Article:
Thursday, November 20, 2014

Russell Malone Live - There Will Never Be Another You


Gabor Szabo - Gypsy Queen



Gabor Szabo - Guitar
Ron Carter - Bass
Chico Hamilton - Drums
Victor Pantoja, Willie Bobo - Percussion

Lee Ritenour - 2005 - Overtime - 08 - Papa Was a Rolling Stone




Chris Botti - Trumpet
Kenya Hathaway - Vocals
Grady Harrell - Vocals
Oscar Seaton - Drums
Melvin Davis - Electric Bass
Barnaby Finch - Keyboards
Lee Ritenour - Electric Guitar

Wednesday, November 19, 2014

Not feeling well today  --  will try to be up and about tmorrow

Tuesday, November 18, 2014

And Now the Richest .01 Percent

The latest from Robert Reich.  Please follow link to original.
------------------------------------------------
http://robertreich.org/

The richest Americans hold more of the nation’s wealth than they have in almost a century. What do they spend it on? As you might expect, personal jets, giant yachts, works of art, and luxury penthouses.
And also on politics. In fact, their political spending has been growing faster than their spending on anything else. It’s been growing even faster than their wealth.
According to new research by Emmanuel Saez of the University of California at Berkeley and Gabriel Zucman of the London School of Economics, the richest one-hundredth of one percent of Americans now hold over 11 percent of the nation’s total wealth. That’s a higher share than the top .01 percent held in 1929, before the Great Crash.
We’re talking about 16,000 people, each worth at least $110 million.
One way to get your mind around this is to compare their wealth to that of the average family. In 1978, the typical wealth holder in the top .01 percent was 220 times richer than the average American. By 2012, he or she was 1,120 times richer.
It’s hard to spend this kind of money.
The uber rich are lining up for the new Aerion AS2 private jet, priced at $100 million, that seats eleven and includes a deluxe dining room and shower facilities, and will be able to cross the Atlantic in just four hours.
And for duplexes high in the air. The one atop Manhattan’s newest “needle” tower, the 90-story One57, just went for $90 million.
Why should we care?
Because this explosion of wealth at the top has been accompanied by an erosion of the wealth of the middle class and the poor. In the mid-1980s, the bottom 90 percent of Americans together held 36 percent of the nation’s wealth. Now, they hold less than 23 percent.
Despite larger pensions and homes, the debts of the bottom 90 percent – mortgage, consumer credit, and student loan – have grown even faster.
Some might think the bottom 90 percent should pull in their belts and stop living beyond their means. After all, capitalism is a tough sport. If those at the top are winning big while the bottom 90 percent is losing, too bad. That’s the way the game is played.
But the top .01 percent have also been investing their money in politics. And these investments have been changing the game.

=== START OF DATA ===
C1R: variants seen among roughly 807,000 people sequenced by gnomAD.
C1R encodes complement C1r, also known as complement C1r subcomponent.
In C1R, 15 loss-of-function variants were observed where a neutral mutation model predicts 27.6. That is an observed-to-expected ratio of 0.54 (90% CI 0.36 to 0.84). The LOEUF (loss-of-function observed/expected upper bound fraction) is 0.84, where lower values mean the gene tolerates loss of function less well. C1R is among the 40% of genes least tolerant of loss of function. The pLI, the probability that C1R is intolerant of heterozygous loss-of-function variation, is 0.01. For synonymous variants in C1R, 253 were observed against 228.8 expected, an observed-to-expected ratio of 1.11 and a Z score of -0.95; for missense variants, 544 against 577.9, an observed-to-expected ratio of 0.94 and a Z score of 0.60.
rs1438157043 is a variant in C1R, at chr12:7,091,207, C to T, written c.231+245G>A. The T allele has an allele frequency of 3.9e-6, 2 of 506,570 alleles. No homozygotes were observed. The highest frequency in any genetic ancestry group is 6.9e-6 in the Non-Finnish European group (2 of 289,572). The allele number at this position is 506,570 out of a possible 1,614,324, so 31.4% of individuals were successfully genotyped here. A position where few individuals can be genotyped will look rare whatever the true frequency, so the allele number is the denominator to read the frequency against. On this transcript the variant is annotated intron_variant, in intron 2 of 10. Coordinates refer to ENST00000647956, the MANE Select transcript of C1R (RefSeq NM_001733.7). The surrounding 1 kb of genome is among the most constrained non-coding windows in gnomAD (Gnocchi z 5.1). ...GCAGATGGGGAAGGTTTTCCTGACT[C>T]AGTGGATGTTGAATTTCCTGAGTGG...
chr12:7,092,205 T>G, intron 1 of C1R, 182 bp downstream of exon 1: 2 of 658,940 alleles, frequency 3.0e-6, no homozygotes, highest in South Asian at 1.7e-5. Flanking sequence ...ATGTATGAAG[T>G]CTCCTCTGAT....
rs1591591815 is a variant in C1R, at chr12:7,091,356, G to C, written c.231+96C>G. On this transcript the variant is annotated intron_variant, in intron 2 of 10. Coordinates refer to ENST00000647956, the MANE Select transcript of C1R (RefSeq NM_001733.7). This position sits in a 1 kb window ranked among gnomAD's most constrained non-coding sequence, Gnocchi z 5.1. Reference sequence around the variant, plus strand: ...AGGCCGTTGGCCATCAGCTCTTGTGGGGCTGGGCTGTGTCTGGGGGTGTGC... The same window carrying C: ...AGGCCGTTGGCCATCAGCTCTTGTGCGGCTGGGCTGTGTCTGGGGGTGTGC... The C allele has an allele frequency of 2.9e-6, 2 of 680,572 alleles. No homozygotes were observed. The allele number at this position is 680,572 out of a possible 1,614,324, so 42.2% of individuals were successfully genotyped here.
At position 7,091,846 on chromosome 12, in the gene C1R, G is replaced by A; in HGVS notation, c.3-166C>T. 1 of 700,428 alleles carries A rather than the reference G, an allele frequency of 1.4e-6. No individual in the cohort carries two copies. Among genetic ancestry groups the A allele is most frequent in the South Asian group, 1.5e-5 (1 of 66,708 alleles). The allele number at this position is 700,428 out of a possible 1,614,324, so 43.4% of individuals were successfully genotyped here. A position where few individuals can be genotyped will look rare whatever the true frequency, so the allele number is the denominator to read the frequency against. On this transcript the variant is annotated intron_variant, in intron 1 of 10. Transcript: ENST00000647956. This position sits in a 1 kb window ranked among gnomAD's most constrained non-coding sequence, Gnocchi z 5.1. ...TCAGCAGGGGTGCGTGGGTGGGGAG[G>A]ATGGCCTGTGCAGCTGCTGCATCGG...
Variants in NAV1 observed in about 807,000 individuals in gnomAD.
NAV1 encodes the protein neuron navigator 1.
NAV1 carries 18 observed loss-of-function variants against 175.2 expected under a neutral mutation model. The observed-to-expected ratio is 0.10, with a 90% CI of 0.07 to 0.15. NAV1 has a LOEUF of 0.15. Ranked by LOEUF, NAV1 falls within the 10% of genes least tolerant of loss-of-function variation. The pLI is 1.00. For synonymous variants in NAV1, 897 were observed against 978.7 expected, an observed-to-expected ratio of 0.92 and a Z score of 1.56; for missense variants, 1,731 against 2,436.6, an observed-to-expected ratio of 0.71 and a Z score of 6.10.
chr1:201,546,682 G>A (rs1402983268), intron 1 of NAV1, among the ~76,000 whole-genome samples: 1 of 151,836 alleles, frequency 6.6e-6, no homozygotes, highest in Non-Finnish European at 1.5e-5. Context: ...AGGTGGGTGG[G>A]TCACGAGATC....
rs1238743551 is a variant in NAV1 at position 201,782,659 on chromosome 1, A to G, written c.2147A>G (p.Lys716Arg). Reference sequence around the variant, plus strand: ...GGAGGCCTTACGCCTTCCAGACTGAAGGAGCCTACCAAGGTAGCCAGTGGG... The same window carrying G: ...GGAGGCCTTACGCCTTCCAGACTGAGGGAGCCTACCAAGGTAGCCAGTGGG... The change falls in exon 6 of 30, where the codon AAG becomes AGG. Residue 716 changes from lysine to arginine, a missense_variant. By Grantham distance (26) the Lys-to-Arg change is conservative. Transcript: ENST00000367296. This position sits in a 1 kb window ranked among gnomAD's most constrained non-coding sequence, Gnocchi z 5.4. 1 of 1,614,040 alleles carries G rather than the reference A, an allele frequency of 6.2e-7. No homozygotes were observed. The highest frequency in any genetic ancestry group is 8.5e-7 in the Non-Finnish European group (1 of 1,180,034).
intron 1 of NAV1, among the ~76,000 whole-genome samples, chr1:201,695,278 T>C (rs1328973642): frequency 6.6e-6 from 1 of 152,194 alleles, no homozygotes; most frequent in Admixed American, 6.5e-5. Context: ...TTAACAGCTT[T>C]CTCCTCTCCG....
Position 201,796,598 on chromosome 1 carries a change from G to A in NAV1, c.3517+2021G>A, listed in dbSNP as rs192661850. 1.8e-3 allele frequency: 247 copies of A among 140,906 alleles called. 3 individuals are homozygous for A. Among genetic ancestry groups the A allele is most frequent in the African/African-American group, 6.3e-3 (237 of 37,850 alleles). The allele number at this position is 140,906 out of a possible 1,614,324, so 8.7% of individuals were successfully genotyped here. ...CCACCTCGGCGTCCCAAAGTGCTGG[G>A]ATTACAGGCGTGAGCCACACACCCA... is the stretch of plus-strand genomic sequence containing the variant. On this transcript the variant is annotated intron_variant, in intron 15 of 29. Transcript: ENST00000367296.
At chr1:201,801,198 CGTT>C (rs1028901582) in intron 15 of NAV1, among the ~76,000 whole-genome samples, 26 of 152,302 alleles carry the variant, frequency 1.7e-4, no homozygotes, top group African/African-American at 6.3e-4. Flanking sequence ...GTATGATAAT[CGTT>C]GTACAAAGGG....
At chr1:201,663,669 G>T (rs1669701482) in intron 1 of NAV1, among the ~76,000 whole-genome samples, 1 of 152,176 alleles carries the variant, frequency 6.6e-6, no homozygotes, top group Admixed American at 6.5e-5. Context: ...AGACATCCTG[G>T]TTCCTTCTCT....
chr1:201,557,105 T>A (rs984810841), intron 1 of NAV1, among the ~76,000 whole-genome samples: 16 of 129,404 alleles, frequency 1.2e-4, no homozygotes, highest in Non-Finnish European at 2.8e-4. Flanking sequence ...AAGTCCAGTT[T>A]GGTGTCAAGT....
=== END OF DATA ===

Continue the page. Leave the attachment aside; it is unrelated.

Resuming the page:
In the 2012 election cycle (the last for which we have good data) donations from the top .01 accounted for over 40 percent of all campaign contributions, according to a study by Professors Adam Bonica, Nolan McCarty, Keith Poole, and Howard Rosenthal.
This is a huge increase from 1980, when the top .01 accounted for ten percent of total campaign contributions.
In 2012, as you may recall, two largest donors were Sheldon and Miriam Adelson, who gave $56.8 million and $46.6 million, respectively.
But the Adelsons were only the tip of an iceberg of contributions from the uber wealthy. Of the other members of the Forbes list of 400 richest Americans, fully 388 made political contributions. They accounted for forty of the 155 contributions of $1 million or more.
Of the 4,493 board members and CEOs of Fortune 500 corporations, more than four out of five contributed (many of the non-contributors were foreign nationals who were prohibited from giving).
All this money has flowed to Democrats as well as Republicans.
In fact, Democrats have increasingly relied on it. In the 2012 election cycle, the top .01 percent’s donations to Democrats were more than four times larger than all labor union donations to Democrats put together.
The richest .01 percent haven’t been donating out of the goodness of their hearts. They’ve donated out of goodness to their wallets.
Their political investments have paid off in the form of lower taxes on themselves and their businesses, subsidies for their corporations, government bailouts, federal prosecutions that end in settlements where companies don’t affirm or deny the facts and where executives don’t go to jail, watered-down regulations, and non-enforcement of antitrust laws.
Since the top .01 began investing big time in politics, corporate profits and the stock market have risen to record levels. That’s enlarged the wealth of the richest .01 percent by an average of 7.8 percent a year since the mid-1980s.